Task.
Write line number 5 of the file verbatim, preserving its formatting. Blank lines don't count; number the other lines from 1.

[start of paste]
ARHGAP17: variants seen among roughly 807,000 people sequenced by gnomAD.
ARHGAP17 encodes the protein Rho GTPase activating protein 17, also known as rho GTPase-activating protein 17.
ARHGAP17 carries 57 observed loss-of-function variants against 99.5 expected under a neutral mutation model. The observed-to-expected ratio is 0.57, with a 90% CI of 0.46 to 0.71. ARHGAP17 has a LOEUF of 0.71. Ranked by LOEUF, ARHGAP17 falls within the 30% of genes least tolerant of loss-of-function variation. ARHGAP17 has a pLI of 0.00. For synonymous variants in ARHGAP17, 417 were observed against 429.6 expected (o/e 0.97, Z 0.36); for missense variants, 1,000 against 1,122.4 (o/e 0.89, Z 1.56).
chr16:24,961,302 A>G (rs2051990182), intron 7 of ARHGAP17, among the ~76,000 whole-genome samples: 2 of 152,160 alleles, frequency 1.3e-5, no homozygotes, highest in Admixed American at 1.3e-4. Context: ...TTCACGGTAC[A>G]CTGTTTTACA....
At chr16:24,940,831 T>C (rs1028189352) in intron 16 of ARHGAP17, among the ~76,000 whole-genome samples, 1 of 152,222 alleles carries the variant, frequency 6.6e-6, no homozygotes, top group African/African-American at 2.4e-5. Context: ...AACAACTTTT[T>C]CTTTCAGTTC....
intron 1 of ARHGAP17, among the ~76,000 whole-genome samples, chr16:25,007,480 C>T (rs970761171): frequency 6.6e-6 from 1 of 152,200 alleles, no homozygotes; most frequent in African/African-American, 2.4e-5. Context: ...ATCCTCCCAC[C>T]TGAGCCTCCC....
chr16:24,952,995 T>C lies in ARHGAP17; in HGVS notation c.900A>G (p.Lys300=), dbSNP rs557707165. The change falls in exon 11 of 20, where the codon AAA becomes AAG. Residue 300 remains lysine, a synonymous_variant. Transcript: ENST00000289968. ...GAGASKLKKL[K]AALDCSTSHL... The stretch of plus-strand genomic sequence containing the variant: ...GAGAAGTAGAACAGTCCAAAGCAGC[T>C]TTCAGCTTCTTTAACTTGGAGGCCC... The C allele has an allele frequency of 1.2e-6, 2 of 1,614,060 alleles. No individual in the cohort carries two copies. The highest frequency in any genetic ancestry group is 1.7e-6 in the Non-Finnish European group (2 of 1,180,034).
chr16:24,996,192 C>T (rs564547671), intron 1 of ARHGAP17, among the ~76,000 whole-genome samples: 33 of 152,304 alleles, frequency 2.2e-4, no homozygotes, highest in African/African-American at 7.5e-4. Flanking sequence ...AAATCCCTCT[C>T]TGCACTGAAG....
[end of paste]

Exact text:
At chr16:24,940,831 T>C (rs1028189352) in intron 16 of ARHGAP17, among the ~76,000 whole-genome samples, 1 of 152,222 alleles carries the variant, frequency 6.6e-6, no homozygotes, top group African/African-American at 2.4e-5. Context: ...AACAACTTTT[T>C]CTTTCAGTTC....